Burger King India
Burger King India is the franchisee of the famous Burger King brand and is the operator of 261 outlets serving burgers, french fries and other fast-food items. It is one of India's fastest-growing international quick-service restaurant (QSR) chains and has a market share of 5 per cent.
The company is well poised to benefit from the shift from unorganised smaller joints to organised branded restaurants. Rising income levels, a growing awareness of foreign brands and increasing urbanisation are expected to be key growth drivers for the company. The fact that the company has reported losses for the previous four financial years despite a threefold increase in its turnover raises doubts about the viability of its business. The restaurant industry is generally a low margin business and a growing awareness of the negative health consequences of fast food can adversely affect the company.
QSRs are expected to grow at a rate of 19 per cent over the next five years, owing to the proliferation of online food-delivery apps on the back of growing smart phone penetration. But COVID-19 has played spoilsport and the recovery to the pre-COVID levels is expected to be delayed. Despite having positive cash flows from operations for the last three fiscals, the company has very little cash on its hands. When compared to its peer, Jubilant FoodWorks (which operates the 'Dominos' pizza chain), the company incurs a higher amount of royalty and raw-material costs. The stock trades at a P/B of 4.4, while Jubilant trades at P/B of 30.6 and a P/E of 240.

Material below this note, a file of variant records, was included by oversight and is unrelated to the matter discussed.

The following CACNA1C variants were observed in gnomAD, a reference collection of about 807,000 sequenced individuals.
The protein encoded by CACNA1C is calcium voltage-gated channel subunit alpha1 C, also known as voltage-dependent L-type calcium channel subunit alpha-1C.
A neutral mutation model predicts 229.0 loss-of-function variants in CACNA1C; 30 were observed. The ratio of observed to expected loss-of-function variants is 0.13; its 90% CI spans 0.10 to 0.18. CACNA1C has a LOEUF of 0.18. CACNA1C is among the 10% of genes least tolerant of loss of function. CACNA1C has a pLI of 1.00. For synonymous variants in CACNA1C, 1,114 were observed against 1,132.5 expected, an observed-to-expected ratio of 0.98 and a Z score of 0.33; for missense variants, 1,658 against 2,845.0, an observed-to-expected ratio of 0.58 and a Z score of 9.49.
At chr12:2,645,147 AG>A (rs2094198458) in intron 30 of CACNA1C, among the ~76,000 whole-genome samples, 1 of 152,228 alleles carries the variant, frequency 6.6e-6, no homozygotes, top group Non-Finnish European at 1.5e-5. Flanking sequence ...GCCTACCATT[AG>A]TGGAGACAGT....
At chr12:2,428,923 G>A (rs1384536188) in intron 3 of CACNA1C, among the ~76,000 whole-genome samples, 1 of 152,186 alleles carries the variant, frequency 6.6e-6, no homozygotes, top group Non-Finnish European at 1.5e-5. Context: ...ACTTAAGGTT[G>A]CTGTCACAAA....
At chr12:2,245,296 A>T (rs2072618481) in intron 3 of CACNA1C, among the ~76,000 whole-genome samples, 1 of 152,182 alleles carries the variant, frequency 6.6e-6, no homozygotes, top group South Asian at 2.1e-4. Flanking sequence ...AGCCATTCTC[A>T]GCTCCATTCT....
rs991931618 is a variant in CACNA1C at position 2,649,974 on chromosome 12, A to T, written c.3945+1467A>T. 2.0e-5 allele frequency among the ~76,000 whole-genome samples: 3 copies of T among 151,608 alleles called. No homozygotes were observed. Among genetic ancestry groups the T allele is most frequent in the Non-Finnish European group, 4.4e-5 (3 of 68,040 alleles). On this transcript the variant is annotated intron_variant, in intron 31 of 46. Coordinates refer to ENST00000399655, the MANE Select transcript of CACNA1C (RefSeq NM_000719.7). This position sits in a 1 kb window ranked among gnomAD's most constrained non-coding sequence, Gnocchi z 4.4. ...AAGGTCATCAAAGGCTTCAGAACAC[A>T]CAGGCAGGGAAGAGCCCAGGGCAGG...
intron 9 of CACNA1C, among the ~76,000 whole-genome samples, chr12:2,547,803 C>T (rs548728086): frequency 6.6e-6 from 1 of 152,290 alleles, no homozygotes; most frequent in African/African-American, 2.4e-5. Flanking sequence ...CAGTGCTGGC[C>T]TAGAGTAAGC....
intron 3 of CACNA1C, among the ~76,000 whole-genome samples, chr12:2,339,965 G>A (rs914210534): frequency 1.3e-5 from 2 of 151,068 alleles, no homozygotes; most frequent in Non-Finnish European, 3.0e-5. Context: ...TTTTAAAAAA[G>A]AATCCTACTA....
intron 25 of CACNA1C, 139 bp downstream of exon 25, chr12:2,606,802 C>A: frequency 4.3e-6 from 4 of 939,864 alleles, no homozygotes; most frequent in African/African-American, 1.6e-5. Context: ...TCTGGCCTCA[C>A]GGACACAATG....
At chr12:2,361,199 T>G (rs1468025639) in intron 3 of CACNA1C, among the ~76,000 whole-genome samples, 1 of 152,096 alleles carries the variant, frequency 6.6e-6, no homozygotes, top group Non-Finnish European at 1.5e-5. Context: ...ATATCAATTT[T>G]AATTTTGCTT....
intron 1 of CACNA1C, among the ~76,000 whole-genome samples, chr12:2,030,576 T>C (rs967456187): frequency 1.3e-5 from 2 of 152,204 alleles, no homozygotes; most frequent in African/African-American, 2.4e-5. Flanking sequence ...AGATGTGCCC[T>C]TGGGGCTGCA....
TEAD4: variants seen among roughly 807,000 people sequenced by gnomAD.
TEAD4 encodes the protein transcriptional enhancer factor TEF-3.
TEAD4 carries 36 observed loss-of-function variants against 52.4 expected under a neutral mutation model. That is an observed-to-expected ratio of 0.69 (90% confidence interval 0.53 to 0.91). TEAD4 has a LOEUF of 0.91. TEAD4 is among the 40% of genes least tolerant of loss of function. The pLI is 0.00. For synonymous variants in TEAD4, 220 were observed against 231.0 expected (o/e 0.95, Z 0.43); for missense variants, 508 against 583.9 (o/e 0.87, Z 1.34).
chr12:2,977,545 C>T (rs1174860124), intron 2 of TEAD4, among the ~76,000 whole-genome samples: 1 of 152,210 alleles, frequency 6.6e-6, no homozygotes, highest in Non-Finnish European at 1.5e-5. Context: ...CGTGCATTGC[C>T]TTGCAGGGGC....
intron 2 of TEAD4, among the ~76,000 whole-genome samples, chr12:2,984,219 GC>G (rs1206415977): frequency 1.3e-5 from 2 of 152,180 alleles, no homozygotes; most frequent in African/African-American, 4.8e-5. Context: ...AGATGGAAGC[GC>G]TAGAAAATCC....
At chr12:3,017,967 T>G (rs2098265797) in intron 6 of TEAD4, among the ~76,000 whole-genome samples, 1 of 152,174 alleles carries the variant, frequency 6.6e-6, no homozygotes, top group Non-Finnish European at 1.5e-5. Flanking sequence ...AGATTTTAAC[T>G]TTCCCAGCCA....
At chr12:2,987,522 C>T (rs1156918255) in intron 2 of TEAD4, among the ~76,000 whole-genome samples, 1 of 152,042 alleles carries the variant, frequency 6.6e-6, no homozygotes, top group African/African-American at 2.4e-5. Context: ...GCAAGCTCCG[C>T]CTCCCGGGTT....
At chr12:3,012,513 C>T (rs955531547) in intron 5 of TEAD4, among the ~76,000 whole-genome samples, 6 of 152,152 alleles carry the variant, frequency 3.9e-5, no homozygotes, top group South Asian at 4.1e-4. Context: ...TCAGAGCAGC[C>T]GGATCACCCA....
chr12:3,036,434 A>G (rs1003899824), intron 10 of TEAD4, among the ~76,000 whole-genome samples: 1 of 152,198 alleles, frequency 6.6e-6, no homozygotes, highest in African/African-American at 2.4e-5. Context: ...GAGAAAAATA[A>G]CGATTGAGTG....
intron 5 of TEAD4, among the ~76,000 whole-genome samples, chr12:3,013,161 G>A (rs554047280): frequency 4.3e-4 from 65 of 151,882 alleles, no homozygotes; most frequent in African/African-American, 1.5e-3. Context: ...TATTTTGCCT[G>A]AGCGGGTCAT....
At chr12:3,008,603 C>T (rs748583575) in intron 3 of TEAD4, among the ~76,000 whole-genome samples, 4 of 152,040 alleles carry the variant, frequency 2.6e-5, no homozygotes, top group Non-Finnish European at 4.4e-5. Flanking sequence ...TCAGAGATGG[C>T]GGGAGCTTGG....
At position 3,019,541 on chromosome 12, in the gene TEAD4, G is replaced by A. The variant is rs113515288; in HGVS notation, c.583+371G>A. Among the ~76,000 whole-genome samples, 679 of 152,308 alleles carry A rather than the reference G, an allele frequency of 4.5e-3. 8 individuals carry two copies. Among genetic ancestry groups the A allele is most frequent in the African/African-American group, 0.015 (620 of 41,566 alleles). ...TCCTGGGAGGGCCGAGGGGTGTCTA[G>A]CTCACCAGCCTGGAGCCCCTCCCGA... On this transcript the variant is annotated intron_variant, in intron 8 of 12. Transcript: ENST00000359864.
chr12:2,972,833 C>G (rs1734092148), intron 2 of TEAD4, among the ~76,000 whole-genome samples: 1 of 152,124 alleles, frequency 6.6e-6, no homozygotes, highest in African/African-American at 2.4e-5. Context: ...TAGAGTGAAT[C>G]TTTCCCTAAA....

Mrs. Bectors Food Specialties
Mrs Bectors is the largest supplier of buns to quickservice restaurants. The company belongs to the Punjab-based Cremica group and is involved in manufacturing premium and mid-premium biscuits under the brand Mrs Bectors as well as premium bakery under the brand English Oven. The company also exports biscuits to around 64 countries, which accounted for 22 per cent of its FY20 revenue.
Though the company has a strong presence in North India, with a network of 737 distributors and a reach of more than 5.57 lakh retail outlets, its market share is just 4.5 per cent in biscuits and 5 per cent in bakery. Though the company is aiming to boost its biscuits exports to western countries, in the past it has faced trade issues like delayed payment and even non-payment from certain African countries. Overall, the company operates in the highly competitive markets of biscuits and bakery and will need continued high marketing spends, new product developments and heightened distribution network to form an enduring competitive advantage.
After almost doubling on the listing day in December last year, the stock has given up gains and now trades at just 23 per cent premium to issue price. Stay-at-home culture has boosted the consumption of biscuits and bakery, leading to a 180 per cent YoY rise in net profits for the first nine months of FY21. Annualised earnings result in a P/E of around 26 for the company, which is lower than that of Britannia (45), DFM Foods (64) and Prataap Snacks (47.7). However, as the demand for biscuits normalises, so will the earnings. Mrs Bectors still has some time to prove its mettle.
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